Table Side Cooking, The Social Effect

The Electrolux concept by Chris Fox is an adaptable cooking grill(s) designed to function as the centerpiece at your next dinner party. Modular plates can connect to form patterns and provide an interactive dining experience by encouraging guests to cook for themselves. Each has its own heating coil powered from a single cord by daisy-chaining them together.

Clean up is a cinch. Just remove the ceramic surfaces and rinse. They also store up nicely in an included cradle.

Designer: Chris fox

25 Comments

  • Kidder says:

    It’s a nice idea, having everyone participate in making a meal. I’m a huge fan of Korean BBQ and Chinese hot pot because I love the smell of the food as it cooks, plus it helps you pace yourself whislt you cook and eat. Meals can last longer and more time is spent socialising with other diners than with stuffing your face.

    However, the major problem with the grill and fry components of this design lie in the fact that you get a lot of oil splatter when you grill or fry foods. Since the Electrolux sits on top of the dining table, all the splatter will hit the table and maybe even the diners. Korean BBQ’s solve this problem by having the grilling surface recessed within the table and the oil is drained out underneath the grill.

    Another problem is that electric hubs are generally very inefficient and aren’t particularly good for cooking. I have a plug-in electric stove pot that I use for Chinese hot pot. It works pretty well when you pre-boil the water in a kettle and just use the stove to keep the soup around boiling temperature, but it would take over 30 minutes to boil the same amount of water from room temperature.

    I personally think that proper gas fires should be used for cooking. My experience is that electric hubs just don’t produce the right amount of heat when you need them too.

  • Kidder says:

    It’s a nice idea. I’m a big fan of Korean BBQ and Chinese Hot Pot, because you can pace yourself as you cook and eat small amounts of food at a time and also socialise with the other diners. Plus the smell of cooking food really gets the stomach juices flowing ^_^

    However, there are 2 main problems with this design:

    1- Electric hubs are generally very inefficient for cooking, being unable to maintain the sort of heat generated by a gas flame. I’d be wary about cooking thick meats in case they didn’t cook properly and heating a pot of water will take much longer than it would with a gas hub.

    2- Oil spatter may become a bit of a hazard to the diners since there isn’t really anything to prevent hot oil from spitting everywhere. Korean BBQ restaurants usually have recessed grills which allow the excess oil to drip through the grill into a grease trap.

    • zippyflounder says:

      Hey sorry kidder, didnt see your comments before posting mine…great minds etc…

      • Kidder says:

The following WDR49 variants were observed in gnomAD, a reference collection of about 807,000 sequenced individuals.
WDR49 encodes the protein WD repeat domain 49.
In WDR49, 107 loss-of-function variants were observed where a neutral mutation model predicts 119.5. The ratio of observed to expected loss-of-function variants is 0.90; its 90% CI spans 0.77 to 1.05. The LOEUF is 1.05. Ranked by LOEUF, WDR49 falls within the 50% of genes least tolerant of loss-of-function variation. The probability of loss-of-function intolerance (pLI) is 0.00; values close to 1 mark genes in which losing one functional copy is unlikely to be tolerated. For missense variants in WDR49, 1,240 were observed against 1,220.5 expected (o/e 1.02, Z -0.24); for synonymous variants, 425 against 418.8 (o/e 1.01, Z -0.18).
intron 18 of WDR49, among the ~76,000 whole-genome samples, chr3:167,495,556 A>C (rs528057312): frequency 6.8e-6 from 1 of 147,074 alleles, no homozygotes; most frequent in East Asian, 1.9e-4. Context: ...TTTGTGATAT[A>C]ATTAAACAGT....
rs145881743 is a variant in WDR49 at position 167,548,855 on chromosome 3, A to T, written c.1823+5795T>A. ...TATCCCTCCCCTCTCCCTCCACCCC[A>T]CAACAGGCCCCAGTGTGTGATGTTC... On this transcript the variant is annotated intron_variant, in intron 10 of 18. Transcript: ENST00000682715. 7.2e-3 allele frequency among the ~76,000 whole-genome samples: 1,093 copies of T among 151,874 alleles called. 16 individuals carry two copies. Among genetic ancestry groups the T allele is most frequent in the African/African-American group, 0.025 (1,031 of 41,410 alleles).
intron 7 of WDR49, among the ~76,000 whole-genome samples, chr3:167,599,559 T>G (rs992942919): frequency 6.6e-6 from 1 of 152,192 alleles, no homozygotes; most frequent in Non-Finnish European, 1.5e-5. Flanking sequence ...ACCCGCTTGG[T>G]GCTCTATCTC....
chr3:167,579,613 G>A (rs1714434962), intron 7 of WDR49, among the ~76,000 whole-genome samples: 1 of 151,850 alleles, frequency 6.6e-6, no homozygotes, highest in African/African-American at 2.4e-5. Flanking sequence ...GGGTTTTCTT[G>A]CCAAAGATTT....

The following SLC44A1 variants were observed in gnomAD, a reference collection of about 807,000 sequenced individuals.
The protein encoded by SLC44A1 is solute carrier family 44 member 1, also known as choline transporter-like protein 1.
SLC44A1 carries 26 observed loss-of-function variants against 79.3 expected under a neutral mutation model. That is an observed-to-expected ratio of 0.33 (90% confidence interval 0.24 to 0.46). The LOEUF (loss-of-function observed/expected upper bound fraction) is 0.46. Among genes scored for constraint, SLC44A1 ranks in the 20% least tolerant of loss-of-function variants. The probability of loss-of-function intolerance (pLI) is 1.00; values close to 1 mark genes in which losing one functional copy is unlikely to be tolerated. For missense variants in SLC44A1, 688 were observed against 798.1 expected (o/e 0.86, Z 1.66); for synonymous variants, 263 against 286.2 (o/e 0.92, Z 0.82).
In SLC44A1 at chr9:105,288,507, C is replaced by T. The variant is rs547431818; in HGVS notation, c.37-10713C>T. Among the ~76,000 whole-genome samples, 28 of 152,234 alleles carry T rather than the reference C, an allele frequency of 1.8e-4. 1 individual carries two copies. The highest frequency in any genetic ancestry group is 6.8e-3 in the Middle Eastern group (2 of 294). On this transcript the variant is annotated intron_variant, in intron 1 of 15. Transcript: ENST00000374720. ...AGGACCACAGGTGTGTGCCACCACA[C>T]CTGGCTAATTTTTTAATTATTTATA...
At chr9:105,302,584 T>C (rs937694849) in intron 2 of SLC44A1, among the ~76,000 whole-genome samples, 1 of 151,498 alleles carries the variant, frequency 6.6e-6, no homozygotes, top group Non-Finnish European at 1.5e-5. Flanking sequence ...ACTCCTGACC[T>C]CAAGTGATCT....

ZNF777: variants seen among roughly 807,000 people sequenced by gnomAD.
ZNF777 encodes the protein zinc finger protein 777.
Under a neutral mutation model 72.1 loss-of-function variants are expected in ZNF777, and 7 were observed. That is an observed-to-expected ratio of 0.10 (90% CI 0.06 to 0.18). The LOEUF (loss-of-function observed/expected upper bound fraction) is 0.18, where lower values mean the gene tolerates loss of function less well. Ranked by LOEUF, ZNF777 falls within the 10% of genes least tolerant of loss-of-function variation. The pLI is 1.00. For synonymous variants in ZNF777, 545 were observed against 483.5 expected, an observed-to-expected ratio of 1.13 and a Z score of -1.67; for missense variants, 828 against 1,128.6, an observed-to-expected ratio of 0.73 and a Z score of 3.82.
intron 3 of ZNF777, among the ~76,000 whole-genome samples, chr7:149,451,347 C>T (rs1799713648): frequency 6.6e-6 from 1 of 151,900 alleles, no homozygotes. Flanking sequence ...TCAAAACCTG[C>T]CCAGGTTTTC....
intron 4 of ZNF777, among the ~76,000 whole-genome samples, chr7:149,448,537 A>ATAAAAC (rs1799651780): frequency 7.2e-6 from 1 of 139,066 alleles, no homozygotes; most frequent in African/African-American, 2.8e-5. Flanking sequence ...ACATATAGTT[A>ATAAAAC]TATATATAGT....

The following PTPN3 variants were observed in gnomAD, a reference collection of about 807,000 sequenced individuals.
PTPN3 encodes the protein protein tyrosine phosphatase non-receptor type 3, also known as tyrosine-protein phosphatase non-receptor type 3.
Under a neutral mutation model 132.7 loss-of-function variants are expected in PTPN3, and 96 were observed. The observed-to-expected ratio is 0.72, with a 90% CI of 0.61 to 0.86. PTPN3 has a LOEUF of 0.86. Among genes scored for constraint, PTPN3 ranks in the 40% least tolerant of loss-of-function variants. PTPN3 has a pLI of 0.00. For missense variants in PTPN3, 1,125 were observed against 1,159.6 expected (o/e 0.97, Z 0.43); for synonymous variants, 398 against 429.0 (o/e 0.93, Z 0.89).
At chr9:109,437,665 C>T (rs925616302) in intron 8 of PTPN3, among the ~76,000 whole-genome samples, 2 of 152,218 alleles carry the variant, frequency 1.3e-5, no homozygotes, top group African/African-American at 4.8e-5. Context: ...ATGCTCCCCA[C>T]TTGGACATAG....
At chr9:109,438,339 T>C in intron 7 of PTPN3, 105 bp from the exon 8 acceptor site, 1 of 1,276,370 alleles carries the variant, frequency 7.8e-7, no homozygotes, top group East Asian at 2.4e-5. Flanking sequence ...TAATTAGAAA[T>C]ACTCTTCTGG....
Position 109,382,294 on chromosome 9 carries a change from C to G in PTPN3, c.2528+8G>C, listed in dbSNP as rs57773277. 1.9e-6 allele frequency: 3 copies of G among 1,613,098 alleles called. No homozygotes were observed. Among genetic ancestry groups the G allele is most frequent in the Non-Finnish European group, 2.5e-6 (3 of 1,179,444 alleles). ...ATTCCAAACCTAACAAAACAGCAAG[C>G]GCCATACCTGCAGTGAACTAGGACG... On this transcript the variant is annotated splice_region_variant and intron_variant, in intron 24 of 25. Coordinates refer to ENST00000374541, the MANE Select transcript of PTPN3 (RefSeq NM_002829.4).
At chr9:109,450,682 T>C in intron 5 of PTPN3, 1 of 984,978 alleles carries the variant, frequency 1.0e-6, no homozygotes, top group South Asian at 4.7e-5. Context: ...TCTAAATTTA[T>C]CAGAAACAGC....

lol, not necessarily great minds, just that I’ve eaten my fair share of Korean BBQ, Chinese hot pot and teppanyaki to know what works and what doesn’t.

        Oh and sorry to Yanko for basically double posting. I though my comments were getting eaten up by your server or something when they didn’t pop up after I refreshed the page.

  • Kidder says:

    okay…. i’ve tried to post the same comment twice but it keeps disappearing after I click the “add comment” button… Yanko is denying my right to critisize a design?!?!?!

  • zippyflounder says:

    perfect, splatter here, splatter there. I can see it now “oh sorry dear, hopefull that hot oil on you pretty frock wont staing too much and the second degree burns heal quickly with a bit of aloevera on them.”…….

  • jin_woo_han says:

    HOw can you bring one of hot plate?wait until it cool?

  • Lim says:

    His concept is very simple. It is just another teppanyaki thingy, just that now the cooking plate seems to be more personalize to different food to be cook. Its just like taking away the typical gas stove and out it to the dining table. The cradle helps to keep everything nice and neat when it is not being used….

    Nothing much new, but just like the previous commentators mentioned, there is issue of usability here…

  • Adam Szczepanowski says:

    This could be something unique if the modules were engineered to go straight in the dishwasher (they are small enough..maybe this thickness needs to be trimmed to fit inbetween the DW tines!)..that way they would be perfectly clean and presentable when your guests arrive!

    The idea isnt new.. but has anybody actually produced something that is modular in this way? ive not seen anything on the market.

    Concerning the previous comments about cooking with electricity, if one used induction technology, one would have adequate power in the plates and also resolve insulation issues between the modules and the worktop..

    coloured ceran anyone?

    Good Luck Chris!

  • Elly says:

    In the same way I dislike doing individual shabu pots, this seems to make Korean BBQ less social by splitting everything up. If it’s the only way one could do it at home, something like this griller might be great, but I’d prefer to go out before splitting things up.

  • dwight-schrute says:

    Awesome for a yakiniku party. Stealing food is fun!

  • Jen says:

    What most people actually need is fancy looking bowls that keep the food hot while it’s being served at Thanksgiving.

  • jadd says:

    how much?? for one or a stack

  • Ɗo yoս remember Grimms’ fairyale аbout tɦe goat tɦat lied tοo its master every
    evening. Μost frequent tool materials consist оf stainless steel ɑnd oak.

    Αt the risk of sounding silly, thiѕ article applies
    onlү to charcoal οr wood fueled grills, not propane οr natural gas.

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